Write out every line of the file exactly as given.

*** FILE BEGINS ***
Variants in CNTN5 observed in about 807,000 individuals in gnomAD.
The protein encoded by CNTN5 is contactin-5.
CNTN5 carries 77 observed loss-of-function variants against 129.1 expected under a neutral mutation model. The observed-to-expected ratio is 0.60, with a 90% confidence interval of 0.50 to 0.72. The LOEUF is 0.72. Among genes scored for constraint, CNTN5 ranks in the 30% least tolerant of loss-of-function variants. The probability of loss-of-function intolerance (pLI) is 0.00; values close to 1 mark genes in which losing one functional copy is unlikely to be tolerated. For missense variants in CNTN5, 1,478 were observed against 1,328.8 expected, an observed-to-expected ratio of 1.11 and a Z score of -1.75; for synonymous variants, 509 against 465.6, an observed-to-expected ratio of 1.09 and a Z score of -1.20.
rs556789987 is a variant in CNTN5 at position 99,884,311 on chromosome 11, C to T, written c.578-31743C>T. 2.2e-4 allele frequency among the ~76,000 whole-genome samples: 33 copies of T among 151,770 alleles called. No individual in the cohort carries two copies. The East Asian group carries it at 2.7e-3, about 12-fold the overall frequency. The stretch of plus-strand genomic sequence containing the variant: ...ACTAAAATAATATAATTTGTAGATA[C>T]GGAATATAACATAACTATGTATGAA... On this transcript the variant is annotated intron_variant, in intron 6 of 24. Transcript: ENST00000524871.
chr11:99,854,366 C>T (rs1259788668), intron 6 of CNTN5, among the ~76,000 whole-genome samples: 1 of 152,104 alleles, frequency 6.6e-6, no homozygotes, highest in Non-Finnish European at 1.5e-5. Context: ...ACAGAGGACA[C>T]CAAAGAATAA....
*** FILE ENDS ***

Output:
Variants in CNTN5 observed in about 807,000 individuals in gnomAD.
The protein encoded by CNTN5 is contactin-5.
CNTN5 carries 77 observed loss-of-function variants against 129.1 expected under a neutral mutation model. The observed-to-expected ratio is 0.60, with a 90% confidence interval of 0.50 to 0.72. The LOEUF is 0.72. Among genes scored for constraint, CNTN5 ranks in the 30% least tolerant of loss-of-function variants. The probability of loss-of-function intolerance (pLI) is 0.00; values close to 1 mark genes in which losing one functional copy is unlikely to be tolerated. For missense variants in CNTN5, 1,478 were observed against 1,328.8 expected, an observed-to-expected ratio of 1.11 and a Z score of -1.75; for synonymous variants, 509 against 465.6, an observed-to-expected ratio of 1.09 and a Z score of -1.20.
rs556789987 is a variant in CNTN5 at position 99,884,311 on chromosome 11, C to T, written c.578-31743C>T. 2.2e-4 allele frequency among the ~76,000 whole-genome samples: 33 copies of T among 151,770 alleles called. No individual in the cohort carries two copies. The East Asian group carries it at 2.7e-3, about 12-fold the overall frequency. The stretch of plus-strand genomic sequence containing the variant: ...ACTAAAATAATATAATTTGTAGATA[C>T]GGAATATAACATAACTATGTATGAA... On this transcript the variant is annotated intron_variant, in intron 6 of 24. Transcript: ENST00000524871.
chr11:99,854,366 C>T (rs1259788668), intron 6 of CNTN5, among the ~76,000 whole-genome samples: 1 of 152,104 alleles, frequency 6.6e-6, no homozygotes, highest in Non-Finnish European at 1.5e-5. Context: ...ACAGAGGACA[C>T]CAAAGAATAA....